Ghosts of the Peabody: The Fort Marion Life Casts



“What are people going to come away with when they look at this kind of collection?” Dr. Diana D. Loren asks.



I’m standing in the chilly back collections of the Peabody Museum of Archaeology and Ethnology, between rows of 72 life casts of Native American men of the Cheyenne, Arapahoe, Caddo, Kiowa and Comanche tribes. As Dr. Diana D. Loren tells me, these artifacts exemplify “special considerations” for curators.

The head-and-shoulders casts, taken from prisoners of war at Fort Marion, Florida in 1875, are arranged opposite one another at the behest of their descendants and contemporary tribal communities. A feather lies next to one, as per the Peabody’s policy of pairing descendants’ offerings to their ancestors with the relevant artifacts. They are kept in storage rather than permanent display, again at the request of their respective tribes.

Dr. Loren, who serves as director of academic partnerships and museum curator at the Peabody, explains that these busts were created for use in the 19th century discipline of phrenology, or measuring the human skull in order to develop theories about intelligence and behavior. Phrenology was based on antiquated archaeological preconceptions that certain races had different behavioral and intellectual qualities.

Loren discusses the difficulties of putting such “sensitive” objects on display in the museum. “Sensitive” is a frequently-used word in the world of ethnological and archaeological collections. As she explains, it applies to objects that are given special consideration because of consultations between a museum and the “community or descendant populations regarding a history and treatment of that collection.”

Peabody
The Peabody Museum of Comparative Anthropology and Ethnology houses many sensitive objects, especially those of Native American tribes.

Although by no means legally prohibited from displaying the life casts, the curators of the Peabody are hesitant to put them on display because of their fraught history. This kind history, Loren elaborates, lies at the heart of modern ethnological curators’ work: “How do you steward a collection in the 21st century, that was created in the 19th century, with different goals in mind?”

These concerns also extend to the audience of a hypothetical exhibit featuring the busts. “What are people going to come away with when they look at this kind of collection?” Loren asks. “How do you make them stop and hear the story of the life experiences of these individuals?”

One of the only remaining insights into this story comes from the busts’ creator. They were made under the supervision of Richard Henry Pratt, best known as the founder of the controversial Carlisle Indian Industrial School in Carlisle, Penn., where Loren notes that “children were taken away from their homes and families.” Pratt’s personal legacy is equally controversial: He advocated throughout his career for Native American assimilation into U.S. society, and is commonly said to have stated: “Kill the Indian to save the man.”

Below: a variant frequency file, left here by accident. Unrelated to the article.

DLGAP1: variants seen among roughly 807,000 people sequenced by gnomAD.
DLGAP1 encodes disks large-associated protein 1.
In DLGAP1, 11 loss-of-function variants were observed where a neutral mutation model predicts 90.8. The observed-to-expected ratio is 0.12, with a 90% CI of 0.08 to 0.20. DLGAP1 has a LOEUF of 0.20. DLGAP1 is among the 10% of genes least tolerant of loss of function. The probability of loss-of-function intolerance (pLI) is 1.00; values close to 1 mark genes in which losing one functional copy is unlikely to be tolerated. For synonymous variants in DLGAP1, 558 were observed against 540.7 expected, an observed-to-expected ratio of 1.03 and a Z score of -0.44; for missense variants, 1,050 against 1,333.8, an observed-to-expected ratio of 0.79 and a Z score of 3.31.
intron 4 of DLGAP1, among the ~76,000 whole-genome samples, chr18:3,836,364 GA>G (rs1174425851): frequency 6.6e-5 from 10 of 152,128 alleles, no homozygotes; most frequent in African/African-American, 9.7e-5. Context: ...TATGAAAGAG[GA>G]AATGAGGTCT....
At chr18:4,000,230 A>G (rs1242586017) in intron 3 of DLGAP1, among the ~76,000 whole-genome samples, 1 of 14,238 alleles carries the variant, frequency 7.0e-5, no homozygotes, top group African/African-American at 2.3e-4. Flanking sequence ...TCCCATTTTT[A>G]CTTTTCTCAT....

In his autobiography “Battlefield and Classroom,” Pratt describes his work with the prisoners of Fort Marion. He had relocated them from the New Mexico-Texas border to Florida as an initial experiment in Native American cultural assimilation. At Fort Marion, he forced the prisoners to wear military uniforms, to speak English, to cut their long hair, and to perform military drills.

He writes in his autobiography, “There was some objection to these changes, but by kindly persuasion it was gradually accomplished.”

Pratt’s students may not have shared his optimism. On the way to the fort, his autobiography details an escape attempt by one of the prisoners, Gray Beard, who throws himself out of the train and is later shot as he tries to escape. Pratt recalls Gray Beard saying that “he wanted to die ever since being chained and taken from home.”

Through Pratt’s words, readers gain some insight into the circumstances surrounding the busts’ creation, and the associated issues of racism and cultural imperialism—clearly, a difficult story to tell. At the same time, it may be one worth sharing with museum-goers in order to understand the history of the Peabody, and of the field of ethnology, in all its complexity.

Still, some believe that the life casts should not be shown at all.

In general, the Peabody has made a significant effort to recognize and engage with its own history. The museum is an active collaborator with organizations set up after the Native American Graves Protection and Repatriation Act of 1990, or NAGPRA. This act gives legal grounds to recognized Native American groups to repatriate funerary or cultural objects from museums and other organizations to the descendants. The Peabody has a full-time NAGPRA coordinator and has returned “2,361 individual remains, 154 funerary objects, one sacred object, 55 objects of cultural patrimony, and 18 objects that are both sacred objects and objects of cultural patrimony” to groups or individuals recognized under NAGPRA as of 2004, according to Loren.

Yet NAGPRA does not extend to the life-casts, which are not considered funerary or cultural objects. Will they ever find a home outside the Peabody’s back collections, either with their models’ descendants or on public display?

Moving forward, Loren says, the Peabody will continue to grapple with these issues, and “to work with [Native American] community members towards the co-development of knowledge. Recognizing there’s more than one story to tell.”